• Lebanon!

    Lebanon: House in Byblos. Go Now!

    Lebanon
    This country is home to a wide range of people from conservative Muslims and Christians to liberals who embrace the changing world. Explore Lebanon!

  • Belize!

    Belize: Beautiful Coastline. Go Now!

    Belize
    This small country offers a diverse culture, incredible beaches, Mayan ruins, and a wide variety of foods to attract numerous tourists. Go Now!

  • Vatican City!

    Vatican City: Vatican Museums. Go Now!

    Vatican City
    The smallest country in the world offers the heart of Catholicism and among the world's finest art collections, including the Sistine Chapel and the Raphael Rooms (ceiling pictured). Go to Vatican City!

  • United Kingdom!

    United Kingdom: Oxford's Christ Church. Go Now!

    United Kingdom
    This country includes England, Wales, Scotland, and Northern Ireland with four distinct cultures to match. Explore the United Kingdom!

  • Germany!

    Germany: Town Hall. Go Now!

    Germany
    Food, beer, natural beauty, and more create a country that's known for its distinct culture and history. Go Now!

  • Peru!

    Peru: Lake Titicaca. Go Now!

    Peru
    More than Machu Picchu, Peru boasts a number of historic cultures from the Nazca to the Incans and dozens of others, including the Aymara who settled Lake Titicaca (pictured). Explore Peru!

History of Antarctica

Antarctica's geological history is as old as time, but the island's contact with people has been relatively short lived and this history reflects that. The island was first confirmed to have been sighted in 1820 and the first person in recent history to have most likely stepped foot on the island was about a year later in February, 1821 when John Davis, an American made land there. After 1821, a few people encountered the island, but it wasn't until the 1840s that it was realized and accepted to be a "new" continent, never before discovered.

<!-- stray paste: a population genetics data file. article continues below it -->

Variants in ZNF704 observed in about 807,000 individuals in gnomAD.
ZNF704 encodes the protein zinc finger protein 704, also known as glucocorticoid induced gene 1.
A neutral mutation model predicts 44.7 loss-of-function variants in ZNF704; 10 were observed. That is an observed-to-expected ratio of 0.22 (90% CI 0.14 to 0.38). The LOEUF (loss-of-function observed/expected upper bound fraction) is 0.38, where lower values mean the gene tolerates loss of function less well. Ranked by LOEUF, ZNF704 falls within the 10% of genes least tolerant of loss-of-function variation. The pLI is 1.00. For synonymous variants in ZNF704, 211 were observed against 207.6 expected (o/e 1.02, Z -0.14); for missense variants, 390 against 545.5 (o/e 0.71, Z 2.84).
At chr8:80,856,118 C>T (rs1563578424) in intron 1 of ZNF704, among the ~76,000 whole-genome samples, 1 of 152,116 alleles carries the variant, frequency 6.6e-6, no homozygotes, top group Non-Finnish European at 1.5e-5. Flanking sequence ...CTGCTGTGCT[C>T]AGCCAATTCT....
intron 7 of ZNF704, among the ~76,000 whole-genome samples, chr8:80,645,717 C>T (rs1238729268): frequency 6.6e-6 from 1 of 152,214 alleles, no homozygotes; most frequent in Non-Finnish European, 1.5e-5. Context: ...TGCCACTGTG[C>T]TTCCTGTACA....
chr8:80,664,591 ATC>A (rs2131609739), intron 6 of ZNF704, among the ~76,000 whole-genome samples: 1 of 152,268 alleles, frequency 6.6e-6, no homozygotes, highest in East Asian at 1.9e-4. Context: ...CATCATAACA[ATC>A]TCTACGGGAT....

By the late 1800s sailing routes to the continent were well known and a number of people had landed on the island. Shortly after this, a race to the south pole began. The two primary contenders were Roald Amundsen, a Norwegian and Robert Scott, a Brit. The two arrived to the pole within weeks of each other, but Amundsen reached the pole first, as Scott and much of his expedition died on their return from the pole.

By the 1950s a number of countries were setting up stations on Antarctica, primarily used as research bases. The United States set up a station at the south pole, called the Amundsen-Scott South Pole Station in honor of the poles first two expedition leaders and this station remains in use to this day.

On December 1, 1959 the Antarctic Treaty was signed, which does a number of things, most importantly it restricts all military activity on the continent and encourages scientific research. Today there are a large number of countries with research stations on the island, some of which are permanent and others which are temporary or seasonal.

This page was last updated: February, 2012